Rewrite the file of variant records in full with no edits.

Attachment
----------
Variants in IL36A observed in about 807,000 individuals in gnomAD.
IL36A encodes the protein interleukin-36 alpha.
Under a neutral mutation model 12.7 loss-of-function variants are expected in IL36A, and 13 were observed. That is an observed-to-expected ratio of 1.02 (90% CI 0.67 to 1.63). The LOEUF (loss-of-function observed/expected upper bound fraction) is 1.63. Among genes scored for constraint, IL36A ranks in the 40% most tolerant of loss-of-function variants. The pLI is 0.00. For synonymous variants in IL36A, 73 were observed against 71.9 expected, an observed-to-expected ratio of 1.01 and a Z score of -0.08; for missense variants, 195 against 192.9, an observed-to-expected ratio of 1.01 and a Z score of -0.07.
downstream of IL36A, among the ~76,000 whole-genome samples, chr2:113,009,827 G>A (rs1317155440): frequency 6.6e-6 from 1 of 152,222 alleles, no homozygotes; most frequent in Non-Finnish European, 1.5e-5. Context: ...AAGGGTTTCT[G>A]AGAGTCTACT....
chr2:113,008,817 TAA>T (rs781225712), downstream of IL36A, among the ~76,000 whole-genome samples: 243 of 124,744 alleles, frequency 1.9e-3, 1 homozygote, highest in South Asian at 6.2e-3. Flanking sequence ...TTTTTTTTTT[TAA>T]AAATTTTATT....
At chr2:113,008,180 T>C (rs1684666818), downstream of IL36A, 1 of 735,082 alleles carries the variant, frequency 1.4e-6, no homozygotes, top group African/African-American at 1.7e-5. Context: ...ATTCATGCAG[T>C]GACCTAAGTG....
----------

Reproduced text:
Variants in IL36A observed in about 807,000 individuals in gnomAD.
IL36A encodes the protein interleukin-36 alpha.
Under a neutral mutation model 12.7 loss-of-function variants are expected in IL36A, and 13 were observed. That is an observed-to-expected ratio of 1.02 (90% CI 0.67 to 1.63). The LOEUF (loss-of-function observed/expected upper bound fraction) is 1.63. Among genes scored for constraint, IL36A ranks in the 40% most tolerant of loss-of-function variants. The pLI is 0.00. For synonymous variants in IL36A, 73 were observed against 71.9 expected, an observed-to-expected ratio of 1.01 and a Z score of -0.08; for missense variants, 195 against 192.9, an observed-to-expected ratio of 1.01 and a Z score of -0.07.
downstream of IL36A, among the ~76,000 whole-genome samples, chr2:113,009,827 G>A (rs1317155440): frequency 6.6e-6 from 1 of 152,222 alleles, no homozygotes; most frequent in Non-Finnish European, 1.5e-5. Context: ...AAGGGTTTCT[G>A]AGAGTCTACT....
chr2:113,008,817 TAA>T (rs781225712), downstream of IL36A, among the ~76,000 whole-genome samples: 243 of 124,744 alleles, frequency 1.9e-3, 1 homozygote, highest in South Asian at 6.2e-3. Flanking sequence ...TTTTTTTTTT[TAA>T]AAATTTTATT....
At chr2:113,008,180 T>C (rs1684666818), downstream of IL36A, 1 of 735,082 alleles carries the variant, frequency 1.4e-6, no homozygotes, top group African/African-American at 1.7e-5. Context: ...ATTCATGCAG[T>C]GACCTAAGTG....